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Author Topic: EP618: All Profound and Logical Minds (Artemis Rising)  (Read 600 times)
eytanz
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« on: March 13, 2018, 04:44:07 PM »

EP618: All Profound and Logical Minds (Artemis Rising)

AUTHOR : Bennett North
NARRATOR : Dani Daly
HOST: Laura Pearlman

---

The space station was silent in the way that a black hole is black; it was more than just an absence of noise. There was something physical to the silence, a force pulling in all sound and eating it. Hannah anchored her boots to the floor of the atrium, feeling the reassuring click as the magnets engaged. Emergency lights washed the atrium floor with a watery red light.

Taking a deep breath of her tepid suit air, Hannah unzipped her bag. An insulated thermos floated out. She left it slowly rotating next to her elbow while she rummaged around to find her keychain. It was a cheap one, made of injection-molded nickel, in the shape of a caffeine molecule. Stupid and gimmicky, yes, but she needed a symbol of her faith and as an atheist, it worked. Bethany had come up with the idea of doing the ritual as an exorcism. A real Catholic exorcism would take much longer, but the clients liked the concept, and Hannah’s abbreviated version worked.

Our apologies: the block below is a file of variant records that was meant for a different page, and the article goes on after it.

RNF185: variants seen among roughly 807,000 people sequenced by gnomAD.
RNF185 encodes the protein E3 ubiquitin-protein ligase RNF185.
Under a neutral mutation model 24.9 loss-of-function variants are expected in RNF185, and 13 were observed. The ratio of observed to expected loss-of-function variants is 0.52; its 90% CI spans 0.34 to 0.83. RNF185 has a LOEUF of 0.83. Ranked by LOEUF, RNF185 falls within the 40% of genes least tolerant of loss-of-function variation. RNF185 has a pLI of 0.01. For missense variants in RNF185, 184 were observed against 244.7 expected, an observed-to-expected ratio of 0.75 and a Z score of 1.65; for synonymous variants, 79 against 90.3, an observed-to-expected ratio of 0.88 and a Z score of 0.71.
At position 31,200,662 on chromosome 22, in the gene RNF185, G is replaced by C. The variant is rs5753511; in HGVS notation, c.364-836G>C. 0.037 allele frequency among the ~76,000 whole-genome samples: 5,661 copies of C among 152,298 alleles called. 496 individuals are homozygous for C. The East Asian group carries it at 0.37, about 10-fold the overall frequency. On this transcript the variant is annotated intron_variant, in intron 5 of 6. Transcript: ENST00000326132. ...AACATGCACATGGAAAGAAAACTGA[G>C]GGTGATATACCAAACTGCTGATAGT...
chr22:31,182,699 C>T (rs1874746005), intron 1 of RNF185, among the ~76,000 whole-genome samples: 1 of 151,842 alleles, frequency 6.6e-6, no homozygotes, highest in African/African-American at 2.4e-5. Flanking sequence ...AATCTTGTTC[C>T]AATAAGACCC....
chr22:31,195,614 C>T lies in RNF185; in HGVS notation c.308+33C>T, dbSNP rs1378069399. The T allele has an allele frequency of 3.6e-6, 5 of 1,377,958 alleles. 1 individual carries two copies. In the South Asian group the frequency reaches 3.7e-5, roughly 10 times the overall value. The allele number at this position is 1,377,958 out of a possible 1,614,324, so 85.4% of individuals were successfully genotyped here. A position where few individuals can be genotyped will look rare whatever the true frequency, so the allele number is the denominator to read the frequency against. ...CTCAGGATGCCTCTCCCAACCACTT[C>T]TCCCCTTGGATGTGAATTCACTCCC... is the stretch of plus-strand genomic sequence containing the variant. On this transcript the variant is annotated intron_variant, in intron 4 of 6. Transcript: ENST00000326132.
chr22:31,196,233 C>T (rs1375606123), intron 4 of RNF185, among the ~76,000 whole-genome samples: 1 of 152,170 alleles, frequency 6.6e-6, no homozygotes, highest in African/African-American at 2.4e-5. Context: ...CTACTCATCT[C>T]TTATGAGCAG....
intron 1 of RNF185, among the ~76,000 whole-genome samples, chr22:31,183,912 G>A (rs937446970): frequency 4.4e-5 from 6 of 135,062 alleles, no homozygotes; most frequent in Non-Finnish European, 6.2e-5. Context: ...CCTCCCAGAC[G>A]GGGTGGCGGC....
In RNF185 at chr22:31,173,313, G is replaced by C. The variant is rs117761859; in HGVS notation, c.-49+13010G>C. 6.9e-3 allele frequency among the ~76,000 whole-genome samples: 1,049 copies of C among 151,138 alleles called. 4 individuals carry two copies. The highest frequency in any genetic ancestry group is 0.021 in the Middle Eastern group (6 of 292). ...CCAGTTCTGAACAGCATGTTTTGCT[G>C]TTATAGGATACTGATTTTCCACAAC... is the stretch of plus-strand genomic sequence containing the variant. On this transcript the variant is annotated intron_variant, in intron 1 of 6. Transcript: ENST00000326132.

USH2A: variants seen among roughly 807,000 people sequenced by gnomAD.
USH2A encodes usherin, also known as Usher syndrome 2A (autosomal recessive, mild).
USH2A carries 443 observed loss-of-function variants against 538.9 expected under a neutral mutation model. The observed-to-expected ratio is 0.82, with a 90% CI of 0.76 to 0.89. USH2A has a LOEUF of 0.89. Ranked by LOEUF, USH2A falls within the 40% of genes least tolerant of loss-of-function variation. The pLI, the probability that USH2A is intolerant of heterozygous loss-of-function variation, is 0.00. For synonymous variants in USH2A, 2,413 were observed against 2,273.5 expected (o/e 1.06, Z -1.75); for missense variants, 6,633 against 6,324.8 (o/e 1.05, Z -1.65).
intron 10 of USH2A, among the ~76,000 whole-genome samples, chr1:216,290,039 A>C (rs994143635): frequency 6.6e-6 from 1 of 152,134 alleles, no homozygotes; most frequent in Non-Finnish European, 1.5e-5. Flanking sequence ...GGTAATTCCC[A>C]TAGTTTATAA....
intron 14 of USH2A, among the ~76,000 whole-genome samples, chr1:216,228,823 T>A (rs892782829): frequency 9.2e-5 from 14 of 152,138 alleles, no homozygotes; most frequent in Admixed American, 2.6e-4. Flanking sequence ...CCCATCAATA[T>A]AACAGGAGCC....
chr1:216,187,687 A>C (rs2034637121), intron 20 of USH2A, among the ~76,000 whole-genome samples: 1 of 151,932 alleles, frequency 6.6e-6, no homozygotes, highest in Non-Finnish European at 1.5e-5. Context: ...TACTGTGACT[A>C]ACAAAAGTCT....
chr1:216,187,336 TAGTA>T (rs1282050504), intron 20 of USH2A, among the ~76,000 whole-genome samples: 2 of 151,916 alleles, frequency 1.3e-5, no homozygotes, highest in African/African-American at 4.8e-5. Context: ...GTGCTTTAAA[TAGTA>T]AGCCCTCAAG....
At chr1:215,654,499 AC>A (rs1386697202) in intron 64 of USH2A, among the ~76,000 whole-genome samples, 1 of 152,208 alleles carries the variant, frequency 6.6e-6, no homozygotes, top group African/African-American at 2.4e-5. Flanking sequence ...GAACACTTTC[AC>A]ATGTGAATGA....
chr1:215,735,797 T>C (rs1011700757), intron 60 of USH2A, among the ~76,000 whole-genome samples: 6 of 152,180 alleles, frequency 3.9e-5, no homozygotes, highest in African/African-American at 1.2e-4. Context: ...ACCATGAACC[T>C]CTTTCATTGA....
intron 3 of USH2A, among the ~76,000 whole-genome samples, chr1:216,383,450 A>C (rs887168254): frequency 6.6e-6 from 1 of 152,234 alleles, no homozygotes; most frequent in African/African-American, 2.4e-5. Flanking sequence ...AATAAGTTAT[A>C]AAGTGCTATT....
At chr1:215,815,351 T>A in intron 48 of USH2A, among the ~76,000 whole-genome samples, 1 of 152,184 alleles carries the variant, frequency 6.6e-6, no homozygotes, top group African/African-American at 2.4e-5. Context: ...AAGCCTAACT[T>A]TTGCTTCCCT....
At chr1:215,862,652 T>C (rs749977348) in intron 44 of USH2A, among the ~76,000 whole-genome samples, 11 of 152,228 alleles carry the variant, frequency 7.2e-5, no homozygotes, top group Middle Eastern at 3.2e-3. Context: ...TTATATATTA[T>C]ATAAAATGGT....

A faint click in Hannah’s ear warned her a second before she heard her sister’s voice over the radio. “Ship to Missionary. Come in, Missionary.” Bethany’s voice was thin and staticky, more white noise than words, but it was like tasting cream after having nothing but water.

Hannah closed her eyes for a second, savoring the soft hiss, and then opened them again, shifting a glance to the heads-up display to trigger the radio to pick up her response. “This is Missionary. I’m in position in the atrium.”

“How’s it looking in there?”

Hannah looked toward the starboard side of the atrium. Six or seven bodies had collected in the awning of a cafe like a lost handful of balloons. They were dressed casually as if they’d been strolling through the park at the time that the station vented.